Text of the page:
On the hills of the Ligurian Apennines, next to a ramshackle house, there is a sign that says «Achtung! Banditen». Carlo Lizzani’s debut on the big screen focuses on a group of bandits who hide in the mountains, waiting for the cover of darkness to sabotage the Germans. The action takes place in a factory in Pontedecimo, in the suburbs of Genoa, which becomes the stage for one of the many and bloody peripheral clashes that characterized the Resistance during the final phases of the war. A brigade of partisans, who hide out in a villa not far from the city after a long march, is preparing a raid on the production plant to steal a consignment of Germans weapons. At the same time the workers, whose opposition to the Nazi occupation takes the form of constant strikes, are forced to work ceaselessly by the foreign forces to dismantle machinery destined for Germany. During the long night of the incursion, the united efforts of the armed partisans and the workers will determine the success of their disruptive actions: the fighters play their part in disassembling the industrial equipment (to prevent it falling into enemy hands), while the workers take up arms and join the retreat to the mountains under heavy German fire.
The film was funded by the local population and strongly reflects the cooperative spirit which enabled it to come about. By using a language which is characterized by a strong ideological component (some scenes are didactic, such as when the partisans improvise a democratic assembly while the Germans are at their heals), Lizzani proposes his personal interpretation of the Resistance, which is not represented as a military phenomenon dominated by the war efforts of partisan-heroes, who are sufficient in themselves, but rather as a widespread movement in society sustained by the fundamental contributions of many social forces. The fight of the workers and the rebels is animated by the generous humility of the farmers who hide the fugitives in the stables and offer them a loaf of bread; by the technical skills of the engineer and the shrewdness of the diplomat, representatives of the upper-class who will pay for supporting the insurrection with their own lives; and finally by the precious participation of the “alpini”, last minute heroes who offer a crucial contribution to the common cause.
The choral orientation of the picture is manifested by the contrast between two opposite movements that give rhythm and fluidity to the development of the narration: the events set in the factory (the hub of the movie) give life to centrifugal forces which produce a complex mosaic of twisted stories. The narrative universe of “Attention! Bandits!” is full of deeply human characters, painted with rapid and sharp brushstrokes which portray authentic suffering and dreams and reveal the poetic component of a work where the political element is dominant. The Resistance is represented by the rashness of the partisan Napoleone who leaves his safe refuge for the city, just to meet his son for the first (and the last) time; or Gatto’s relief when he holds a young peasant girls’ handkerchief to his chest just a moment before he blows himself up with the enemies. The movie is marked by a composed and measured direction which portrays static dialogue and scenes more easily than scenes of fighting (probably because of budgetary constraints). The film editing allows the spectator to move thorough a multitude of places (the Apennines, the country villa, the river, the city, the factory) and characters without ever losing a sense of time and cause. The story is not centered on a leading protagonist and no memorable interpretations emerge from the opaque performances of the most famous actors. In particular, Gina Lollobrigida (“Bread, loves and dreams” 1955) is not convincing in the role of a confused and disoriented secretary and Lamberto Maggiorani (“Bicycle Thieves” 1948) risks falling into oblivion in the middle of the workers of Pontedecimo.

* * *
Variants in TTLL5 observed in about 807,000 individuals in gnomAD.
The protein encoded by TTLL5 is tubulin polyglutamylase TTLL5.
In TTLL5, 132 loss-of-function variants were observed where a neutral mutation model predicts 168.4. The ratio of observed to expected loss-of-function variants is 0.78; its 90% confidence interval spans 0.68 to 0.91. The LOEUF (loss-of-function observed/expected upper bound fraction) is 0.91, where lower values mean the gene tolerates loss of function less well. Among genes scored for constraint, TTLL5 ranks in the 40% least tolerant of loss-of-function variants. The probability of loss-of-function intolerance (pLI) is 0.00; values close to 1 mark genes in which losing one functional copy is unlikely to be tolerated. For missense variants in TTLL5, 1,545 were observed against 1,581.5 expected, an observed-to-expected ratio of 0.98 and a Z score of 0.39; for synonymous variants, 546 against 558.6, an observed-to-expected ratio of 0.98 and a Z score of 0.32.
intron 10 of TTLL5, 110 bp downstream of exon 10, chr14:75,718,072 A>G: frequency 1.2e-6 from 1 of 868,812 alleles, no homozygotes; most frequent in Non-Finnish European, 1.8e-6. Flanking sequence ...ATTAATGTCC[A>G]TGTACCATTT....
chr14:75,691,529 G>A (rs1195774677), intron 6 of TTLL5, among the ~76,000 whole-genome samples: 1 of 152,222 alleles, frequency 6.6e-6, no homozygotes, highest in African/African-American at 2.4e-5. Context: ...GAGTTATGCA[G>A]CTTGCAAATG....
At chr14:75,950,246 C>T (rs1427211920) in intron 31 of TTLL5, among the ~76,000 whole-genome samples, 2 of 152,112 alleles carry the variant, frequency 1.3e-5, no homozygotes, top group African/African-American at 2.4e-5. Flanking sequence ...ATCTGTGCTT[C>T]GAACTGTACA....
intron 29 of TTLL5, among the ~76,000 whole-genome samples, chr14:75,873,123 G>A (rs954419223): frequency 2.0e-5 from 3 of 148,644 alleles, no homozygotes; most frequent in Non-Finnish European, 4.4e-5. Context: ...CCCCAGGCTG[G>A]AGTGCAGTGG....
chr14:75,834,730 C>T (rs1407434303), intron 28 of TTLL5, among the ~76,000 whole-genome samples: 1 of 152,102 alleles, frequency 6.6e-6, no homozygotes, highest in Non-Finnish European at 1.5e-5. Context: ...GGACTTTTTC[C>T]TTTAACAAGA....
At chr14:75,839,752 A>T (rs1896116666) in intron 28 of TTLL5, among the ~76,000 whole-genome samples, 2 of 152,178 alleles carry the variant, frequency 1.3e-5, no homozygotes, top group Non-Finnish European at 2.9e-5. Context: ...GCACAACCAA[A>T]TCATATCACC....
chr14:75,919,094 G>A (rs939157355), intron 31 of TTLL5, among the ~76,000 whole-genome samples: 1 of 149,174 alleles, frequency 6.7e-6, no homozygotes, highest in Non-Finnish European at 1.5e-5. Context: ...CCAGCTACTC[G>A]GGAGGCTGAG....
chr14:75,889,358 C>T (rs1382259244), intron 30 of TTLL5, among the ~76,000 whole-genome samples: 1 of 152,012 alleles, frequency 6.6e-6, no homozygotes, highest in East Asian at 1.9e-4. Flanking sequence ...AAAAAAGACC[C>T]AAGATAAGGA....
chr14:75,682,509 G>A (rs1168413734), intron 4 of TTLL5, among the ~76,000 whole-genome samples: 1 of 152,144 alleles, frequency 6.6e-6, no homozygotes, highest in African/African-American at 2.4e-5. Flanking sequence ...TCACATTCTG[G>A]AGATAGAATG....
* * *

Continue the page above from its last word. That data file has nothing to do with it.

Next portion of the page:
Thanks to “Attention! Bandits!”, Carlo Lizzani’s cinematographic debut is cast amongst the milestones of that Italian neorealism which was born from the rubble of the war. By using a language which is closer to Rossellini’s analytical objectivity than to De Sica’s modern fairy tail, the novice film maker lays the artistic groundwork of his own personal search for a cinema which is attentive both to great political and social dynamics and to the human stories that flourish as a result.
English translation by the author (edited by Ester Tossi)